KISS to say farewell in Fort Wayne, Indiana

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Legendary rock band KISS is saying farewell (again). Some fans might remember the band having a farewell tour during 2000-2001. But from all reports it looks like this one really is “The End of the Road.” At least that is what the band is calling their current farewell tour. The tour will stop in Fort Wayne, Indiana at the Allen County War Memorial Coliseum, Feb. 16, 2020. It has also been announced that David Lee Roth is opening for the legendary band. He is slated to perform his solo work.

Because this has happened before, it is likely that fans will be skeptical, even as they buy their tickets. After a career spanning several decades, millions of records sold and induction into the Rock Hall of Fame, maybe the band known for the makeup and antics are really saying goodbye.

Why the KISS “End of the Road Tour” matters

in the event that this is the end, love them or hate them, people know the band KISS. Even for people who would have a difficult time naming a rock band, especially a hard rock band, the name KISS is a familiar one.

First there is the look: the makeup, and in the 1980s when the band members decided to unmask themselves, it was a source of controversy, some derision and in short was a big deal.

After the makeup comes the outfits, the black, rayon or Spandex leotard-type clothing and huge platform boots – – there was nothing humble or salt of the earth about KISS, even when they sang songs like “Beth” and “Hard Luck Woman.”

Then, the antics: bass player Gene Simmons’ fire-breathing stage persona, for example. The television exploits – – who can forget when Paul Stanley and Simmons went on “The Oprah Winfrey Show” and promptly made the hostess uncomfortable as often as possible? It made for great television at the time.

While KISS had a string of hits in the 1970s, the band’s importance was somewhat demonstrated in the 1999 film, “Detroit Rock City.” The comedy is set in 1978 and depicts the mishaps four teenage boys experience on their way to see KISS.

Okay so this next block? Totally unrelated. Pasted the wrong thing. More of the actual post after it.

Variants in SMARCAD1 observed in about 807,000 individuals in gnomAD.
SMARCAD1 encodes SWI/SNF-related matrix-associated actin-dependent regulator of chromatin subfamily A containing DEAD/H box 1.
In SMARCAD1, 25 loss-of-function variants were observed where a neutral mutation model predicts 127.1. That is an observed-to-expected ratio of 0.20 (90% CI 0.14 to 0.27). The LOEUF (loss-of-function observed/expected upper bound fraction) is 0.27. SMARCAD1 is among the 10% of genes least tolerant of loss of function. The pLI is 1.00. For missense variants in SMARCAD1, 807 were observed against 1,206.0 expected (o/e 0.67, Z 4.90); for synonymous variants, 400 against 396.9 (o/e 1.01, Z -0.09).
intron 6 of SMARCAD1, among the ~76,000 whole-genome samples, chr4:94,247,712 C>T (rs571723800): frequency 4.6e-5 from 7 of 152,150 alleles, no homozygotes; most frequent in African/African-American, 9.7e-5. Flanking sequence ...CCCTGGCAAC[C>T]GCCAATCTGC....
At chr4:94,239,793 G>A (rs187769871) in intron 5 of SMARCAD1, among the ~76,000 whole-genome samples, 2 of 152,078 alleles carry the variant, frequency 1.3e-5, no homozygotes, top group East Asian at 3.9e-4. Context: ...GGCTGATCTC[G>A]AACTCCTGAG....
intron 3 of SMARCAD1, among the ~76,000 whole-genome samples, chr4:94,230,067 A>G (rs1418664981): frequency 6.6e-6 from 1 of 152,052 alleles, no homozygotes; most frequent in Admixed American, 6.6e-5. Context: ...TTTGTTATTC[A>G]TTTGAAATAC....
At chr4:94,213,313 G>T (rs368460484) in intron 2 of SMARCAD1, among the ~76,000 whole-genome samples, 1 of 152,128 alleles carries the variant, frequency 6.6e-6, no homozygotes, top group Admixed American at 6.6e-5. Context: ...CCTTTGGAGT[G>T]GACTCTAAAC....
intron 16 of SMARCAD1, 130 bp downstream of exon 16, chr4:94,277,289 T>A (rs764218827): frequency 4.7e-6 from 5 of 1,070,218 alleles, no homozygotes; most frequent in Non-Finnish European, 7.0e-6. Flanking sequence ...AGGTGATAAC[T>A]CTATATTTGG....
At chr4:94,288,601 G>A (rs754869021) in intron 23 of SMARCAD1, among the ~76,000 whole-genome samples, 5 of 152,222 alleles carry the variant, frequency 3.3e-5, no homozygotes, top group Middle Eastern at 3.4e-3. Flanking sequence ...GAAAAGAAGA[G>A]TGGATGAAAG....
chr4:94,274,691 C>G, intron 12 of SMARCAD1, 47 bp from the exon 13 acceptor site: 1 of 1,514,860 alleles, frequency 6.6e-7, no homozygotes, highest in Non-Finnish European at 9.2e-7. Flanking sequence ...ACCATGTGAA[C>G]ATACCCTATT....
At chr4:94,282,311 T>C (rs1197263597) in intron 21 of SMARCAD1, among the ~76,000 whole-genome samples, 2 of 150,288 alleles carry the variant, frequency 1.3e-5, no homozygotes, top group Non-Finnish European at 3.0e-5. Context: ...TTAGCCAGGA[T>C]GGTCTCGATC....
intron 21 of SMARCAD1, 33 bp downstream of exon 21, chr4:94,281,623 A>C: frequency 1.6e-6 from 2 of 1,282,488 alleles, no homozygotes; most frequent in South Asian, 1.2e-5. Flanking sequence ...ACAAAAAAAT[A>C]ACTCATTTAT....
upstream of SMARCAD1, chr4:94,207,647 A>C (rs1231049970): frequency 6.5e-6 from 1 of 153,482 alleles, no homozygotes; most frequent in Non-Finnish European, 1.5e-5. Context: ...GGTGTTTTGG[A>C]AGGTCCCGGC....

With all the albums the band has sold, there is no arguing KISS’ popularity. However, debates ensue regarding “best songs.” Diehard fans will no doubt not always like the songs that became radio fare. But songs like “Calling Dr. Love,” “Strutter,” “I’m Alive,” “King of the Mountain,” and even their contribution to the “Endless Love” soundtrack, “I Was Made for Loving You,” all helped to place KISS in America’s cultural fabric.

The band’s music plus their theatricality contributed to a look and sound that would greatly influence the next generation of hard rock performers.

Tickets for the “End of the Road Tour” have been on sale since November. Special VIP experiences are available for purchase, as well as regular tickets. For more information about KISS’ Fort Wayne show for their farewell tour, visit: https://www.wfft.com/content/news/KISS-farewell-coming-to-Fort-Wayne-in-2020-564919882.html.

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Dodie Miller-Gould is a native of Fort Wayne, Indiana who lives in New York City where she studies creative nonfiction at Columbia University. She has BA and MA degrees in English from Indiana University-Purdue University, Fort Wayne, and an MFA in Fiction from Minnesota State University, Mankato. Her research interests include popular music and culture, 1920s jazz, and blues, confessional poetry, and the rhetoric of fiction. She has presented at numerous conferences in rhetoric and composition, and creative writing. Her creative works have appeared in Tenth Muse, Apostrophe, The Flying Island, Scavenger's Newsletter and elsewhere. She has won university-based awards for creative work and literary criticism.

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